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Synthesis and Characterisation of Copper Oxide nanoparticles III. Results The typical XRD pattern of theCuO nanoparticles annealed at 300°C is shown in Figure 1. The peak positions of the sample exhibited the monoclinic structure of CuO which was confirmed from the ICDD card No 801916. Further, no other impurity peak was observed in the XRD pattern, showing the single phase sample formation. The crystalline size was calculated using the Scherrer formula, D = 0.9 λ/ β cosθ, where λ is the wavelength of X-ray radiation, β is the full width at half maximum (FWHM) of the peaks at the diffracting angle θ. Crystallite size calculated by the Scherrer formula was found to be 16 nm. Lattice parameters of unit cell of CuOare found to be a = 4.691 Å, b = 3.432 Å, c = 5.138 Å. These values are in good agreement with the standard values reported by the ICDD Card No 801916. In order to investigate the effect of temperature on CuO nanoparticles, samples were further annealed at 350°C, and 400°C. Figures 1, 2& 3 exhibits the XRD spectra of CuO nanoparticles annealed at different temperatures. It is clear from these Figures that the intensity of crystalline peaks increases with temperature, indicating an improvement in the samples crystallinity. Simultaneously, the peaks become narrower as the temperature increases resulting in the increase of crystallite size. The variation of crystallite size and lattice parameters with temperature was calculated and the results are presented in Table 1. It can be seen from Table 1 that crystallite size and lattice parameters increase with the increase in annealing temperature. The increase in crystallite size with temperature can be attributed to atomic diffusion. Figure 4 shows the TEM micrograph of CuO nanoparticles sintered at 300°C. Average particle sizes obtained from TEM images were found to be 16 ± 1.26 nm for the samples sintered at 300°C.The average particle sizes determined by TEM are closely matched to the crystallite size calculated from XRD results. FTIR spectra were recorded in solid phase using the KBr pellets technique in the range of 3500–400 cm–1. FTIR spectra of CuO nanoparticles treated at 300°C is shown in Figure 5. FTIR spectra exhibit only three vibrations: occurring at approximately 480 cm–1, 530 cm–1, and 580 cm–1 for the sample, which can be attributed to the vibrations of CuO, confirming the formation of highly pure CuO nanoparticles. Table-1 Variation of Crystallite size and lattice parameters with annealing temperature. a (Ǻ)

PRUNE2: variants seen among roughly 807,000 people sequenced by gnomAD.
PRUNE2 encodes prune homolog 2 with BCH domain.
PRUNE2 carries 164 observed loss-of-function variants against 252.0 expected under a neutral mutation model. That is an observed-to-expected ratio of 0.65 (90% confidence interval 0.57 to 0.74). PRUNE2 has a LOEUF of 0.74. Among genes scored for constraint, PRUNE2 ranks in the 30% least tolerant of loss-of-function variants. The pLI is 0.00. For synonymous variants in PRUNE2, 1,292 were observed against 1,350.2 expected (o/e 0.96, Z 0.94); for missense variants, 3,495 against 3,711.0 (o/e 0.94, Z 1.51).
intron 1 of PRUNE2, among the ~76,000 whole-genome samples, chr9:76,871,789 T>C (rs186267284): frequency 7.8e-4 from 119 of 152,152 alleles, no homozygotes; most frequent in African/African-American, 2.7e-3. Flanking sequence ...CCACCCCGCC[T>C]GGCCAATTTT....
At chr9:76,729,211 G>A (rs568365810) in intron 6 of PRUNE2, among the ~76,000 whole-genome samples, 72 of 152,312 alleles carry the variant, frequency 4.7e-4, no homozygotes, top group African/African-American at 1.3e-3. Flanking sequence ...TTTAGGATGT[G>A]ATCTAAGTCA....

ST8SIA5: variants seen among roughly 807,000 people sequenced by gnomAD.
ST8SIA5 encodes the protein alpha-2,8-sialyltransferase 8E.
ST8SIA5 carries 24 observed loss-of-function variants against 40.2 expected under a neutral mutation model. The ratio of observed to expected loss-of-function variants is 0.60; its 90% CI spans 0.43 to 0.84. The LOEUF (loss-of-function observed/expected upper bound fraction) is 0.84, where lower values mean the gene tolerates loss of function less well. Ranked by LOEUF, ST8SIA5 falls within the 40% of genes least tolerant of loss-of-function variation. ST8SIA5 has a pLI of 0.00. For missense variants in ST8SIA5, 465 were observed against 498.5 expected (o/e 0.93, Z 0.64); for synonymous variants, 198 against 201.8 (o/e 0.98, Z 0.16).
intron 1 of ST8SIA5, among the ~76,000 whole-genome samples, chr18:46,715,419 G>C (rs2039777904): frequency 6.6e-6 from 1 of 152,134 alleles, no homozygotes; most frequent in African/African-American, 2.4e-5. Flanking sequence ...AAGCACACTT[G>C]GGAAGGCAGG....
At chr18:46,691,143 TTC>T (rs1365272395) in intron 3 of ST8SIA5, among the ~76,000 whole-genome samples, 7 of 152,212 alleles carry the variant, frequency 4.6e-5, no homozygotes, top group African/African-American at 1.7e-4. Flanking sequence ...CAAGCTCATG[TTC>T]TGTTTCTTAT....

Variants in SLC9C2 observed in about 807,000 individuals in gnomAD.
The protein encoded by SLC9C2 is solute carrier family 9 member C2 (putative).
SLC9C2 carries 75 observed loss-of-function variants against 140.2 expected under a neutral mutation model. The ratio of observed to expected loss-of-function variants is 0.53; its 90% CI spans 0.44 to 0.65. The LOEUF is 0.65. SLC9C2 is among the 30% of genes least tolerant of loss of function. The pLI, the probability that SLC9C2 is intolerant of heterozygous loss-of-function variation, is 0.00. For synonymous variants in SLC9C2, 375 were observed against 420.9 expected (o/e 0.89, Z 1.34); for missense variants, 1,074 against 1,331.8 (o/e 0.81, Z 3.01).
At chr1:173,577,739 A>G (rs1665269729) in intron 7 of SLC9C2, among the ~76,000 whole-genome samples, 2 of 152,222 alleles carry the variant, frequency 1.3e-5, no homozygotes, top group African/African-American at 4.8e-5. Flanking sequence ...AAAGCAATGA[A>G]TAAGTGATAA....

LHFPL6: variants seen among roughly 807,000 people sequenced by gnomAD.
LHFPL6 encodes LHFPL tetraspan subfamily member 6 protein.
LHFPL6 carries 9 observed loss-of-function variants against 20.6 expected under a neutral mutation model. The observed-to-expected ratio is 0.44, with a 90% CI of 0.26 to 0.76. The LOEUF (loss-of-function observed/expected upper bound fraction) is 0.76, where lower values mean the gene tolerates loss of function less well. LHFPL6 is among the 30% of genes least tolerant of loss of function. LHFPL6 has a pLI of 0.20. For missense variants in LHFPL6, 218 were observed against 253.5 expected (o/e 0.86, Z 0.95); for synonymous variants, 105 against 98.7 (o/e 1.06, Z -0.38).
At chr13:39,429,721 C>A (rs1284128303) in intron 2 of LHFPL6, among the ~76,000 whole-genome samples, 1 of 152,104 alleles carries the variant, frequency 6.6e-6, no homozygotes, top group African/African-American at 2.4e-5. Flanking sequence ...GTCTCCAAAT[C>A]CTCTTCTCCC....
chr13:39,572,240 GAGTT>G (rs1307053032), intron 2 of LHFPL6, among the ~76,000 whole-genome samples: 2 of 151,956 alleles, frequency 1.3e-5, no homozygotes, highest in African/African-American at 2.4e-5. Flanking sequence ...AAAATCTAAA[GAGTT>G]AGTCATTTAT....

b (Ǻ)

c (Ǻ)

Crystallite size (nm)

300

4.691

3.432

5.138

16

350

4.695

3.436

5.143

21

400

4.698

3.439

5.147

24

Temperature (OC)

XRD-CuO at 300 deg

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Fig 1 : XRD of CuO NPs at 300 o C

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Synthesis and Characterisation of Copper Oxide nanoparticles

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XRD-CuO at 350 deg 35

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Fig 2: XRD of CuO NPs at 350oC

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XRD-CuO at 400 deg 35

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Fig.3: XRD of CuO NPs at 400oC

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Synthesis and Characterisation of Copper Oxide nanoparticles

Fig 4: TEM image of CuO NPs

Fig 5: FTIR of CuO nanoparticles

IV.

Conclusion

We have successfully synthesized CuO nanoparticles using a sol gel combustion route. XRD spectra confirmed the formation of single phase CuO nanoparticles. Crystallite size was found to increase with the increase in annealing temperature. Minimum crystallite size of 16 ± 1.26 nm was observed in the case ofCuO nanoparticles annealed at 300°C. TEM results corroborate well with XRD results. FTIR spectra also validated the purity of CuO nanoparticles.

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Synthesis and Characterisation of Copper Oxide nanoparticles [7]. [8]. [9]. [10]. [11]. [12].